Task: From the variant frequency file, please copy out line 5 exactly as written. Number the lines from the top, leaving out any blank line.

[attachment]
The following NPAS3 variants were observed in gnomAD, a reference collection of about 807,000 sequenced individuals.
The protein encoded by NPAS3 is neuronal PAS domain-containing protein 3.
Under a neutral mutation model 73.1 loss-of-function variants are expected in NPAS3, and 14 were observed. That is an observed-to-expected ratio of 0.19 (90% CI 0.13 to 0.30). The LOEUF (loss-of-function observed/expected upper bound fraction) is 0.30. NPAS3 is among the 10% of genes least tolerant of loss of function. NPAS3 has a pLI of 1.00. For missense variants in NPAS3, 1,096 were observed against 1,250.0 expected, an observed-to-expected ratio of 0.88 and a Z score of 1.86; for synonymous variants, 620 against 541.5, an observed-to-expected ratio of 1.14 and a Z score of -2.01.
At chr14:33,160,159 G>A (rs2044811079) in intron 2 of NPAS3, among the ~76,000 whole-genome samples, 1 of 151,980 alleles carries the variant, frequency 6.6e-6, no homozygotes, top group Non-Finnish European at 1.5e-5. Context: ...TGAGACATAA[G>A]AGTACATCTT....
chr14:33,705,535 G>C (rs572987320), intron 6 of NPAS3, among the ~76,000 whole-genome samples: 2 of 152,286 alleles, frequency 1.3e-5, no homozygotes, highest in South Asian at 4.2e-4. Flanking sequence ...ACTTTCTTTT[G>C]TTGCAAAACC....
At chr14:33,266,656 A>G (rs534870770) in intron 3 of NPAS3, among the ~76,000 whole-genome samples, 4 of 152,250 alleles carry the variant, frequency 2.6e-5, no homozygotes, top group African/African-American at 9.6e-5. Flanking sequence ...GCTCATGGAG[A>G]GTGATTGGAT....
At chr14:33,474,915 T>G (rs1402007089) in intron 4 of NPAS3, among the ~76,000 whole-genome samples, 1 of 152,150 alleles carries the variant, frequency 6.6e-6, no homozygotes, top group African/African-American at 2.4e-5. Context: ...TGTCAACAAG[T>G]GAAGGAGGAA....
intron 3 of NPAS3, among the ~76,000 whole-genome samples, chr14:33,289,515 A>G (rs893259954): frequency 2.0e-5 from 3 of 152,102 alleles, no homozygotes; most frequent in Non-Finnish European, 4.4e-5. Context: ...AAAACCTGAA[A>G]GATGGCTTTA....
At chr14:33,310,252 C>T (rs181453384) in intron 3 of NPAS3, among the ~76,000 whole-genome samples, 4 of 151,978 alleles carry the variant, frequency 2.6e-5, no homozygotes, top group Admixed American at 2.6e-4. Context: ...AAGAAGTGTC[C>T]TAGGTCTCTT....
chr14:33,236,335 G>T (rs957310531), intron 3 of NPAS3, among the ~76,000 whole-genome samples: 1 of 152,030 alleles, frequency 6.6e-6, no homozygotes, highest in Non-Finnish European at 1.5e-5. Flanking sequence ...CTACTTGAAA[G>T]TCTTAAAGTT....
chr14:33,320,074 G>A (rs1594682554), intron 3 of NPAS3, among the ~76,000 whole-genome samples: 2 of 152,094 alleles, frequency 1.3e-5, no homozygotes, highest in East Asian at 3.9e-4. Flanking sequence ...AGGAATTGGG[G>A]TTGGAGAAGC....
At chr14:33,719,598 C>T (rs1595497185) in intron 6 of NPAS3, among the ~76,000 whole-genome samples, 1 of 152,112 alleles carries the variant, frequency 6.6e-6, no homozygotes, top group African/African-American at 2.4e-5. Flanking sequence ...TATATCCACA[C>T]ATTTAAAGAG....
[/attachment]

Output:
chr14:33,705,535 G>C (rs572987320), intron 6 of NPAS3, among the ~76,000 whole-genome samples: 2 of 152,286 alleles, frequency 1.3e-5, no homozygotes, highest in South Asian at 4.2e-4. Flanking sequence ...ACTTTCTTTT[G>C]TTGCAAAACC....